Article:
Shop  |  Calendar  |  Join  |  Buy Tickets  |  Hamnet  |  Site Rental  |  Press Room  
About UsWhat's OnUse the CollectionDiscover ShakespeareTeach & LearnFolger InstituteSupport Us
Folger Exhibitions
• Past Exhibitions
Now Thrive the Armorers
To See a Good Armor

   Sign up for E-news!
   Printer Friendly

To See a Good Armor

The Armorer's Craft In Shakespeare's Day

Hartmann Schopper. Panoplia omnium illiberalium mechanicarum aut sedentariarum artium genera continens. Frankfurt, 1568

Jan van der Straet. Nova reperta. Engraving, ca. 1600

I have known when there was no music with him but the drum and the fife, and now had he rather hear the tabor and the pipe; I have known when he would have walked ten mile afoot to see a good armor, and now will he lie ten nights awake, carving the fashion of a new doublet.

Much Ado About Nothing (Act II, scene 3)


By Shakespeare’s day, the medieval craft of armor-making had become a modern industry. Governments engaged contractors who promised to deliver the equipment, and the contractors tapped a network of smaller suppliers to make up the thousands of orders it took to supply an army. The iron came from continual-production blast furnaces that melted iron ore to extract the metal. The iron was hammered into flat sheets by water-powered triphammers, manned by low-paid laborers. At the end of the process, the armor was finished with water-powered grinding and polishing wheels.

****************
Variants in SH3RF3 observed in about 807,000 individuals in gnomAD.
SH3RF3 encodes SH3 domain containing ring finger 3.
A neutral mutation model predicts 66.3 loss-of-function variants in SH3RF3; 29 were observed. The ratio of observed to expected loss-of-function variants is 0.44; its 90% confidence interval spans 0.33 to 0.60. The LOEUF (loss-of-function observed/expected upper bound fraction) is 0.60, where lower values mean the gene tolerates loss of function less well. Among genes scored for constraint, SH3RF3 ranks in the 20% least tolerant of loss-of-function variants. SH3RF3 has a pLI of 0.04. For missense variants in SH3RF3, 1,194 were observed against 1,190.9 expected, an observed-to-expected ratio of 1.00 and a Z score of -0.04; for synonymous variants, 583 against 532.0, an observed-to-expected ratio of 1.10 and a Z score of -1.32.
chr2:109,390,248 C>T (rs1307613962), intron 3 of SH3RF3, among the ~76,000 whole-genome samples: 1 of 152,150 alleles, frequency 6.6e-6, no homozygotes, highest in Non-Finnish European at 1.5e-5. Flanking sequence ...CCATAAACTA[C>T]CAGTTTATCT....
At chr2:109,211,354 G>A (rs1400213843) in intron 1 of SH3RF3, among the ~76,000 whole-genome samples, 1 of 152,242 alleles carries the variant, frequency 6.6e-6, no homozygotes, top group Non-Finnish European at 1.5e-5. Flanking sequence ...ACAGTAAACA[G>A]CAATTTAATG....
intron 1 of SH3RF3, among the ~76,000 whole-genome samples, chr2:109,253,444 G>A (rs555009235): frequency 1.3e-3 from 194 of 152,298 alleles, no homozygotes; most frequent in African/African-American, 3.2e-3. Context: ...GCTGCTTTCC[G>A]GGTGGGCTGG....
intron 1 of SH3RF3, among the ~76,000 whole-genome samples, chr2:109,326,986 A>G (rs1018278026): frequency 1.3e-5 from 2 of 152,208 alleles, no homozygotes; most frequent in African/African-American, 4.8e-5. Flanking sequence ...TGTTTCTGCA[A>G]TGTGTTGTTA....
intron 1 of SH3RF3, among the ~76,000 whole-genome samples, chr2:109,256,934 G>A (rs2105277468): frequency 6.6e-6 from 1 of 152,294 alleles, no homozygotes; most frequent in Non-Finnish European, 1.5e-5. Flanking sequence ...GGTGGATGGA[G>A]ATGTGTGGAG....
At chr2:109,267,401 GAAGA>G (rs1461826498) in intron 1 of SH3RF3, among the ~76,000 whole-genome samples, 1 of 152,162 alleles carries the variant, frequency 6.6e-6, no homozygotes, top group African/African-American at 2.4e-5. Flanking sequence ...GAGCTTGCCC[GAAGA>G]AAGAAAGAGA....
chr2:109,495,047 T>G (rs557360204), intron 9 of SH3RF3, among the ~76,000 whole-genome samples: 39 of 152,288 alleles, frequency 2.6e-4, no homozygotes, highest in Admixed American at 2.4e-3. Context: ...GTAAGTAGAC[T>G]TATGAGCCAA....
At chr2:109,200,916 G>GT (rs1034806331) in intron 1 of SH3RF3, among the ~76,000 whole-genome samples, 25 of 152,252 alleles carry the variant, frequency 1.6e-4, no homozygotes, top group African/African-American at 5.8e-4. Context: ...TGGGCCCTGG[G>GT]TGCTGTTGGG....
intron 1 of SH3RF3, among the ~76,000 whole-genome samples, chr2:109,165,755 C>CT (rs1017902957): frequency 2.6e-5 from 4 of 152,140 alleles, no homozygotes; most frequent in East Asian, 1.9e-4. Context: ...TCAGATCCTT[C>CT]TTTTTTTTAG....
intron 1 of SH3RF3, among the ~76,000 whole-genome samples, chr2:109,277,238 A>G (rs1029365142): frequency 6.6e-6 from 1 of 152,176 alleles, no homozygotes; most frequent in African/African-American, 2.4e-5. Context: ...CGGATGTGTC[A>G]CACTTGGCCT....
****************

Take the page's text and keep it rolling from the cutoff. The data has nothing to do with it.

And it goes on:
Despite these advances, the central stage of armor production remained very much a craft. The armorer trained for about seven years as an apprentice, learning the subtle art of shaping steel to accommodate the complex shapes and motions of the human body. The final product had to be strong enough to resist battlefield damage, flexible enough to allow almost total freedom of movement, and stylish enough to meet the tastes of fashion-conscious Elizabethans.


Next »

Dressed to Kill

Bookmark and Share   
     Copyright & Policies   |   Sitemap   |   Contact Us   |   About This Site
201 East Capitol Street, SE
Washington, DC 20003
Get directions »

Federal Tax ID #04-2103542
PublicReading Room
10am to 5pm, Monday through Saturday8:45am to 4:45pm, Monday through Friday
12pm to 5pm, Sunday9am to noon and 1pm to 4:30pm, Saturday
Main: 202 544 4600
Box Office: 202 544 7077
Fax: 202 544 4623